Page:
Renewable Energy Credits, otherwise known as Renewable Electricity Certificates, or Tradable Renewable Certificates (TRCs), are tradable, non-tangible energy commodities that represent proof that 1 megawatt-hour (MWh) of electricity was generated from an eligible renewable energy resource (renewable electricity).
Renewable Energy Credits can be sold and traded or bartered, and the owner of the REC can claim to have purchased renewable energy. While traditional carbon emissions trading programs promote low-carbon technologies by increasing the cost of emitting carbon, RECs can incentivize carbon-neutral renewable energy by providing a production subsidy to electricity generated from renewable sources. It is important to understand that the energy associated with a REC is sold separately and is used by another party. The consumer of a REC receives only a certificate.
In states and provinces that have a REC programs, a green energy provider (such as a wind farm) is credited with one REC for every 1,000 kWh or 1 MWh of electricity it produces (for reference, an average residential customer consumes about 800 kWh in a month). A certifying agency gives each REC a unique identification number to make sure it doesn't get double-counted. The green energy is then fed into the electrical grid (by mandate), and the accompanying REC can then be sold on the open market.
Renewable energy power companies benefit from RECs because they serve as an incentive. Many non-renewable energy sources are subsidized, making it difficult for green energy companies to survive. By being able to sell the power and RECs, the company can afford to thrive in the market. Prices for RECs vary widely, just like other commodities, and they are available for sale in numerous locations.
By purchasing Renewable Energy Credits, consumers can claim that they are supporting green energy. While a consumer would ideally also purchase renewable energy for his or her home, this is not always possible. RECs allow companies and individuals to support power in areas which do not offer it directly. Consumers should also, of course, practice conservation and work to get green power in their area, but RECs are a good place to start. For companies, they are an important part of doing business responsibly, while thinking about future generations.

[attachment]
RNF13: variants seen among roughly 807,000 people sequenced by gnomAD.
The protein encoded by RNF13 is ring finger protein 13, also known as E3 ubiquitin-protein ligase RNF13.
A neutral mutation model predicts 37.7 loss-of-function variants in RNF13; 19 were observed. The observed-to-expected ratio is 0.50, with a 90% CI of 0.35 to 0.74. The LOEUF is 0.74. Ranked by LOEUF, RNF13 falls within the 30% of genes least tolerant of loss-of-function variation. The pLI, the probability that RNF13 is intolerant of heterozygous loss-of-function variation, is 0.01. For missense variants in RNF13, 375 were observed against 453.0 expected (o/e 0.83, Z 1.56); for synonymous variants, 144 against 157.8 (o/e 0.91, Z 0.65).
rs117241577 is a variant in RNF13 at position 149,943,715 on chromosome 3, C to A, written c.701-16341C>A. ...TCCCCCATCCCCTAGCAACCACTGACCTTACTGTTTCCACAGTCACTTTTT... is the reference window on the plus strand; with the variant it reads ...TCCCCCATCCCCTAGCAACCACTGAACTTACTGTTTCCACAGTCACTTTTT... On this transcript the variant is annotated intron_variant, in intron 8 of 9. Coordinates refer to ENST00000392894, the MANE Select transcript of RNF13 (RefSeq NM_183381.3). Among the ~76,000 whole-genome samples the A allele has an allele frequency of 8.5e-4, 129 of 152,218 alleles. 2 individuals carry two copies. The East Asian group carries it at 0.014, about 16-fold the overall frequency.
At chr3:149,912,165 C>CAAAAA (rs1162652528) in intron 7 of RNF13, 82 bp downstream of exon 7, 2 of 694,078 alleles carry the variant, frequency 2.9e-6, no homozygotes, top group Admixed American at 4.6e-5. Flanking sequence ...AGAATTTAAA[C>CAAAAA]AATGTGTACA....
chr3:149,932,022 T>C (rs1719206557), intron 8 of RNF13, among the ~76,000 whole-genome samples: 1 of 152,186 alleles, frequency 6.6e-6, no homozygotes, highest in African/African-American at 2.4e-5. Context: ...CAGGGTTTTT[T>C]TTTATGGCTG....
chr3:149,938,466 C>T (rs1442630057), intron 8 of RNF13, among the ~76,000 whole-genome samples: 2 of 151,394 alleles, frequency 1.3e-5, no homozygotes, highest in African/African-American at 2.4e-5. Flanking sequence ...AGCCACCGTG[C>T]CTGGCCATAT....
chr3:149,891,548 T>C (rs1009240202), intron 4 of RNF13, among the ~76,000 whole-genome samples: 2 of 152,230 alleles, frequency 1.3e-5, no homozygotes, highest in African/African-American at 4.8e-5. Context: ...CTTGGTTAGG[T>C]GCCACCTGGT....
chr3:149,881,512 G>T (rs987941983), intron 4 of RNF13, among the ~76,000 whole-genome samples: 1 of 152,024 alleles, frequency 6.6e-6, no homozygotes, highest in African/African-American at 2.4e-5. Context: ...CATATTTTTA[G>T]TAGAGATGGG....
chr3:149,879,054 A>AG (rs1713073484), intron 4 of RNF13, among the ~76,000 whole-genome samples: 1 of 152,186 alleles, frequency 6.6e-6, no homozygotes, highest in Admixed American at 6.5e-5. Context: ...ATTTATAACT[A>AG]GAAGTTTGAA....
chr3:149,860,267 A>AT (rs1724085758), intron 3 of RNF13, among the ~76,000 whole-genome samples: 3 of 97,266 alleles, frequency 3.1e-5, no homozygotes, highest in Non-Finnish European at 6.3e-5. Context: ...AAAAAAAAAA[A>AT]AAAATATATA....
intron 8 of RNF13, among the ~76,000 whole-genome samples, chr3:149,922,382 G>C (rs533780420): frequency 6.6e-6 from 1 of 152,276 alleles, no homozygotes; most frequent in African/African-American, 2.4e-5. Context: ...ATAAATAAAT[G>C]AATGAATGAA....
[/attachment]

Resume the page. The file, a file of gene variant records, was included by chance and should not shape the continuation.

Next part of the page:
Along with carbon offsets and other incentive programs, Renewable Energy Credits are part of a growing movement which acknowledges that even small changes make a big difference. By supporting green energy, consumers show that there is a demand for it, and companies can build more plants or accelerate production with the funds raised through the sale of RECs. Organizations which promote programs like this hope to eventually see everyone's ecological footprint, meaning the amount of resources and space needed to support a particular lifestyle, greatly reduced.
What's the difference between a REC and a Carbon Offset?
All RECs from qualifying new generators represent the environmental attributes of renewable power, principally the fact that producing that power causes less, or no, pollution. When you buy an amount of wind-generated Renewable Energy Credits equal to your electricity consumption, you are legally entitled to claim that you are wind powered, and that your electricity use does not contribute to global warming. In other words, all wind Renewable Energy Credits can convert your electricity to wind power. However, for a REC to be used to offset emissions from driving, flying or heating your home, it must be from a project that would not have been implemented without the opportunity to realize revenues for the carbon reductions (in other words, it must be "additional" to business-as-usual - see "what's the importance of additionality, below"), and not all renewable energy projects can say that.
For more information, go here: Renewable Energy Credits